Diagnosis of Thyroid Cancer

The first step in diagnosing thyroid cancer is to go through a physical exam, where your physician will feel for physical changes in the thyroid. You may also want to discuss your risk factors and if you believe that you are at high risk for thyroid cancer. A blood test may also be done at this appointment to see if the thyroid is properly functioning.

Your physician may suggest further testing, such as an imaging test to be done. This will show your physician where the cancer is and if it has spread. This can be done through a computerized tomography (CT), positron emission tomography (PET), or magnetic resonance imaging (MRI) test.

An ultrasound test may be done to see inside the thyroid. During this ultrasound, the physician may remove a sample of the thyroid tissue. This tissue will then be sent off for testing to see if there is anything suspicious in the thyroid tissue.

Genetic testing may be done if it is believed that you have a family history or genetic reason to increase the risk of cancer.

Treatment of Thyroid Cancer

The treatment of thyroid cancer that is recommended for you will depend on the type and stage of the thyroid cancer you have as well as your overall health and preferences. Most thyroid cancers can be cured with treatment. You will want to speak with your physician about what you are expecting and you both can decide on the proper treatment plan.

In the beginning, treatment may not be necessary because small thyroid cancers have a lower risk of spreading into other parts of the body and your physician may just want to closely monitor what is happening. Some cancers never grow and treatment may be unnecessary.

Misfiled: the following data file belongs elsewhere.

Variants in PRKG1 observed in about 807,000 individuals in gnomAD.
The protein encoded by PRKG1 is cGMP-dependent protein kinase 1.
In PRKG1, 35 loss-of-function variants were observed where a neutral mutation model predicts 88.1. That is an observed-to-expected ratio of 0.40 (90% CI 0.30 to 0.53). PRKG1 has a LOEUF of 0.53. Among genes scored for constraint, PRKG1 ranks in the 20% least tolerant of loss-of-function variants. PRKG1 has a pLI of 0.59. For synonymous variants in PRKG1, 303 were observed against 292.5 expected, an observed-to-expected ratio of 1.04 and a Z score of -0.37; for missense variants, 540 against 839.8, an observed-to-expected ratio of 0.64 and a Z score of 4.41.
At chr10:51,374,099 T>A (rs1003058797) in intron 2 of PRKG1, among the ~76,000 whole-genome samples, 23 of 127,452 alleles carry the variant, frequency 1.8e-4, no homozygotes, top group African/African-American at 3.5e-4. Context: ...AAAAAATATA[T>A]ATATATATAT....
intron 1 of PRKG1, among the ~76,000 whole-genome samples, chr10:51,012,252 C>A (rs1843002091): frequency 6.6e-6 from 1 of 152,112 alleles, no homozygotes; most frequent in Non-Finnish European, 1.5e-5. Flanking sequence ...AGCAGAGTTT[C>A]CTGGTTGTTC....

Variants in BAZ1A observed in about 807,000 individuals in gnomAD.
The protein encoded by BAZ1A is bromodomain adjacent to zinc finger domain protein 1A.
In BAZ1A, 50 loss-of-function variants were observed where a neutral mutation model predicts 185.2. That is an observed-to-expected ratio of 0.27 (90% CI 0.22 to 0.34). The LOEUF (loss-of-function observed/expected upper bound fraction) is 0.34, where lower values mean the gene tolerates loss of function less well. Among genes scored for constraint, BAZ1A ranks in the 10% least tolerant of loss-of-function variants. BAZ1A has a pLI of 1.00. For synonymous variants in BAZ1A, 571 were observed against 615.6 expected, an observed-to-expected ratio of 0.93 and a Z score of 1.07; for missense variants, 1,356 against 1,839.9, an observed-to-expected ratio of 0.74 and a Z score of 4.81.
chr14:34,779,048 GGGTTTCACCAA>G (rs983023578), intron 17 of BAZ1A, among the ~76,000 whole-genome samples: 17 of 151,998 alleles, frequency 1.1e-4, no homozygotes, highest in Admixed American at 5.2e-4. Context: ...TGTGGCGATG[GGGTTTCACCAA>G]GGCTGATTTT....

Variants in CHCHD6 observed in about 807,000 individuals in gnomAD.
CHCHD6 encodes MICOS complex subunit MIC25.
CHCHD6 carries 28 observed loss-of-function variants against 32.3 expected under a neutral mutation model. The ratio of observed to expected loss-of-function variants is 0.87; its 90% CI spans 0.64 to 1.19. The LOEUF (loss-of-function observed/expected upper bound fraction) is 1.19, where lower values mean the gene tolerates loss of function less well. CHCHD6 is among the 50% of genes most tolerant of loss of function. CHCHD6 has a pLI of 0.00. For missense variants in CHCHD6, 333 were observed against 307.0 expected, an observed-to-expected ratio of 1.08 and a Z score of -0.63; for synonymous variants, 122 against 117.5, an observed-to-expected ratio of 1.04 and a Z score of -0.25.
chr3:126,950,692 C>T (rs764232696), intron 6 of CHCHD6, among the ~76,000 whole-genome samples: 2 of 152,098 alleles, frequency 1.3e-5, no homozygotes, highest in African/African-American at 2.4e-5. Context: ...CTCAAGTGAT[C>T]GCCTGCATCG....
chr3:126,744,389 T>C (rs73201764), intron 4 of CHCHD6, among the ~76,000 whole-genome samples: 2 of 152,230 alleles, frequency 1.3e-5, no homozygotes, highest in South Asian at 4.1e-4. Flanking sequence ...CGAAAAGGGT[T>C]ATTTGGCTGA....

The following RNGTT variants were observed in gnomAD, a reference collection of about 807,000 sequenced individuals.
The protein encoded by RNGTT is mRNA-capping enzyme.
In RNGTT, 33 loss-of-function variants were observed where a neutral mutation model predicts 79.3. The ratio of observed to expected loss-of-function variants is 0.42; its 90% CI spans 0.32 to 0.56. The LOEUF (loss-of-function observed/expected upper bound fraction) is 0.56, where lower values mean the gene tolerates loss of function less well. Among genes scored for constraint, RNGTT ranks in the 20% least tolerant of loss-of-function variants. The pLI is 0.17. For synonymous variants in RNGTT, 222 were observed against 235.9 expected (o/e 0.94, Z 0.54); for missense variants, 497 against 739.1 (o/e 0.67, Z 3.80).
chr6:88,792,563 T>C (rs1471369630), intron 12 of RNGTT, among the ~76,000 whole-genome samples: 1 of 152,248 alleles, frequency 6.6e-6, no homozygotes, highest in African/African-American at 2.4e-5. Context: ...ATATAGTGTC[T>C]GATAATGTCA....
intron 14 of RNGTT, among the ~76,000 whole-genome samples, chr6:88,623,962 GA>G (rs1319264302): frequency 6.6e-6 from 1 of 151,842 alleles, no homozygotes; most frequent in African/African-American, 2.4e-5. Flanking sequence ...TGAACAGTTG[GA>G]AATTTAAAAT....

Most commonly, surgery is done to remove the thyroid cancer. This can be done by removing the whole thyroid, part of the thyroid, or the lymph nodes in the neck. Surgery has a risk of bleeding and infection. You may also be at risk for damaging the nerves that connect to the vocal cords.

Thyroid hormone therapy is a medication that can help to replace the missing hormones that the thyroid is no longer producing. Radioactive iodine is a treatment that comes in a liquid or capsule. This therapy helps to destroy any remaining thyroid tissue that were not removed during surgery. Chemotherapy is a drug treatment that kills all cancer cells. External radiation therapy is given externally to target the cancer cells. This is recommended if surgery is not an option.

Speak with your physician about what type of treatment that you would prefer and you can choose a route that works best for the both of you. There are many treatments that are possible and it is not one size fits all.

Prevention of Thyroid Cancer

Since there are no real causes of thyroid cancer, then there is no way to tell how to prevent it. If you believe that you are at high risk for thyroid cancer, then speak with your physician about preventative screenings.